# Events Without Equally Likely Results¶

We have said that if the experiment has equally likely results, then $P(E)=\dfrac{|E|}{|\Omega|}$. But, what happens if not?

To see that the formula doesn't hold, let's look at a simple counterexample, and let's see how to sort it out.

Imagine we have a bag with $8$ marbles, $3$ red and $5$ blue. The experiment is taking a marble from the bag and writing its colour.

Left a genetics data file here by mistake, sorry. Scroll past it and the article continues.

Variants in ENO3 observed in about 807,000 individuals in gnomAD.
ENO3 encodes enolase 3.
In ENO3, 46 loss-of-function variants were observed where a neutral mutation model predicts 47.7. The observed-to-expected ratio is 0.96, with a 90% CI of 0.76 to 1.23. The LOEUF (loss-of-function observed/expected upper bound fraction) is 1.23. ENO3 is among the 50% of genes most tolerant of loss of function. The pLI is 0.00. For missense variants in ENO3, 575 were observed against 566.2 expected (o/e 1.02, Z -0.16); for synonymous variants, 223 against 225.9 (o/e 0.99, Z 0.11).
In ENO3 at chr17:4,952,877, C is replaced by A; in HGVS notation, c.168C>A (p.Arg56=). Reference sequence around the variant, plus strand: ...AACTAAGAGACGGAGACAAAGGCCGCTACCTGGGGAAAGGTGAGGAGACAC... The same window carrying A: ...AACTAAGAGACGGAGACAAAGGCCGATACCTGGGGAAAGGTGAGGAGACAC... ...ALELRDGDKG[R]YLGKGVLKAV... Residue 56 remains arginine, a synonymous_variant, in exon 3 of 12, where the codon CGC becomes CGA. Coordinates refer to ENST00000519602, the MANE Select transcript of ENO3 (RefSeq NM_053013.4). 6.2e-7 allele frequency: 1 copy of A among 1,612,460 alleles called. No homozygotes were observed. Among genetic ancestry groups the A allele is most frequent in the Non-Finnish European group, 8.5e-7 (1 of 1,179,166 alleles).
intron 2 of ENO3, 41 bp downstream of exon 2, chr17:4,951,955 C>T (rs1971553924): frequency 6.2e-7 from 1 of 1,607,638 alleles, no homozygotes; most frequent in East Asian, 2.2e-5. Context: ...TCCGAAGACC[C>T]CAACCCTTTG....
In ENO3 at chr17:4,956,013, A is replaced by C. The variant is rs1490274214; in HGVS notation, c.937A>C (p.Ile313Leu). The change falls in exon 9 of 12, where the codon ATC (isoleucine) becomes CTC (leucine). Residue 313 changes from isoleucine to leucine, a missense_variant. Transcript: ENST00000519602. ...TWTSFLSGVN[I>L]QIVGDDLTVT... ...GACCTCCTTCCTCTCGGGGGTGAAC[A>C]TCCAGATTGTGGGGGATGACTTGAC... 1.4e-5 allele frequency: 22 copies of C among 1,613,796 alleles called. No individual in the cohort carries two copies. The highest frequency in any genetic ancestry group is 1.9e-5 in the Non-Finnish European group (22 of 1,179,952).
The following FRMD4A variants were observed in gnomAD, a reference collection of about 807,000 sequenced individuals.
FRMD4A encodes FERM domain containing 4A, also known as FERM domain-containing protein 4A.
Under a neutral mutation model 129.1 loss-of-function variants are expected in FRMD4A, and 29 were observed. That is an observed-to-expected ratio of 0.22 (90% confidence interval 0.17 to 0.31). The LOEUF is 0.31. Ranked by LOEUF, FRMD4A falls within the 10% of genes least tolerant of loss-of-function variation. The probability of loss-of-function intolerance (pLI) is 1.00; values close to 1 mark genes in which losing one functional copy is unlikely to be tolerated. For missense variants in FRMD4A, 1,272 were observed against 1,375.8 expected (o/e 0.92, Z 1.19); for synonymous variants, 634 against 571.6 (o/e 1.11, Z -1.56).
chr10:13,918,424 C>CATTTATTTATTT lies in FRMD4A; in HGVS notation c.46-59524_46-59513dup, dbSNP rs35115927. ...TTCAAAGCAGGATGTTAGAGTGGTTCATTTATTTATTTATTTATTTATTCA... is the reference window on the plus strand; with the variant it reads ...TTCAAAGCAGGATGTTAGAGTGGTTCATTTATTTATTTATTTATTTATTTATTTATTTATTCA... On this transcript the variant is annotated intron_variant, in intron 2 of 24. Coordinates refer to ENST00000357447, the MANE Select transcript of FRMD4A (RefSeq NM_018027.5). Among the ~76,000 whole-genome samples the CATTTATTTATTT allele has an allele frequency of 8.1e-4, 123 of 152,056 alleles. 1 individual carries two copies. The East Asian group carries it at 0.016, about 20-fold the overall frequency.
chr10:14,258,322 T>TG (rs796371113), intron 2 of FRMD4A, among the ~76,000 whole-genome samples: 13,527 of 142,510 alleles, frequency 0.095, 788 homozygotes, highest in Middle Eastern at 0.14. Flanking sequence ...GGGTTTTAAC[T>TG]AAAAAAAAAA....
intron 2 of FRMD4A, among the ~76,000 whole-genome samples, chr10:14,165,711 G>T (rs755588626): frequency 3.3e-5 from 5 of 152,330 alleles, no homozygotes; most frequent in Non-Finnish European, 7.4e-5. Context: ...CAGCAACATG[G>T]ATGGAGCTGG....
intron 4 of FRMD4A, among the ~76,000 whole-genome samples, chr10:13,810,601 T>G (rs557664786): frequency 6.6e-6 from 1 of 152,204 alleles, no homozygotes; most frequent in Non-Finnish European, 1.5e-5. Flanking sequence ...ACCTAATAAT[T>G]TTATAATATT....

We have $\Omega=\{red,blue\}$, and we can call $R=\{red\}$ and $B=\{blue\}$.

If we think about it with the previous formula, we would have $P(R)=\dfrac{|R|}{|\Omega|}=\dfrac{1}{2}$, and $P(B)=\dfrac{|B|}{|\Omega|}=\dfrac{1}{2}$ which is clearly **not** the case since there are more blue marbles than red marbles.

Instead, we are going to think about this probability as a *proportion*: the number of *successful cases* over the *total amount of cases*.

Using this idea, we get $P(R)=\dfrac{3}{8}$ and $P(B)=\dfrac{5}{8}$.